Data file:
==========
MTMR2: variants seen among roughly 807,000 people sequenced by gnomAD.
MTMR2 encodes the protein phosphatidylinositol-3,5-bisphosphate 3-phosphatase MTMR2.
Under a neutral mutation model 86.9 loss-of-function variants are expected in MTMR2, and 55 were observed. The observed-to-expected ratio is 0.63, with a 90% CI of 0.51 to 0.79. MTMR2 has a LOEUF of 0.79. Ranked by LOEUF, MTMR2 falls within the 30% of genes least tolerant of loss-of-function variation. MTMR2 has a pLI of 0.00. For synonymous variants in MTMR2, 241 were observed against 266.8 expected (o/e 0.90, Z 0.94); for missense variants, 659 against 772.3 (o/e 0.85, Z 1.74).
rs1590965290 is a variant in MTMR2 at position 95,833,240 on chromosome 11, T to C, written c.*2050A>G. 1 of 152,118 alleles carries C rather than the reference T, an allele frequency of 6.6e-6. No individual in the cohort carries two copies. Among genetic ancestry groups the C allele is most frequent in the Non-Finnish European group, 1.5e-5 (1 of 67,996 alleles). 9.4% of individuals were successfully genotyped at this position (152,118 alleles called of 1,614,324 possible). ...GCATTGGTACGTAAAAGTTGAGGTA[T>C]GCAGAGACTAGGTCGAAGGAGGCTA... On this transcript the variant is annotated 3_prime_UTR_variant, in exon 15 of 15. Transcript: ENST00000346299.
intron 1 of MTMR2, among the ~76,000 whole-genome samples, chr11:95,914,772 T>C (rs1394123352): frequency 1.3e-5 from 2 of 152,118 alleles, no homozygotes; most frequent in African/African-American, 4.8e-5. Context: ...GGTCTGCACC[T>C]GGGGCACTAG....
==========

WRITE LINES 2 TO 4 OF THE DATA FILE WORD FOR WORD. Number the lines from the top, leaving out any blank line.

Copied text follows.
MTMR2 encodes the protein phosphatidylinositol-3,5-bisphosphate 3-phosphatase MTMR2.
Under a neutral mutation model 86.9 loss-of-function variants are expected in MTMR2, and 55 were observed. The observed-to-expected ratio is 0.63, with a 90% CI of 0.51 to 0.79. MTMR2 has a LOEUF of 0.79. Ranked by LOEUF, MTMR2 falls within the 30% of genes least tolerant of loss-of-function variation. MTMR2 has a pLI of 0.00. For synonymous variants in MTMR2, 241 were observed against 266.8 expected (o/e 0.90, Z 0.94); for missense variants, 659 against 772.3 (o/e 0.85, Z 1.74).
rs1590965290 is a variant in MTMR2 at position 95,833,240 on chromosome 11, T to C, written c.*2050A>G. 1 of 152,118 alleles carries C rather than the reference T, an allele frequency of 6.6e-6. No individual in the cohort carries two copies. Among genetic ancestry groups the C allele is most frequent in the Non-Finnish European group, 1.5e-5 (1 of 67,996 alleles). 9.4% of individuals were successfully genotyped at this position (152,118 alleles called of 1,614,324 possible). ...GCATTGGTACGTAAAAGTTGAGGTA[T>C]GCAGAGACTAGGTCGAAGGAGGCTA... On this transcript the variant is annotated 3_prime_UTR_variant, in exon 15 of 15. Transcript: ENST00000346299.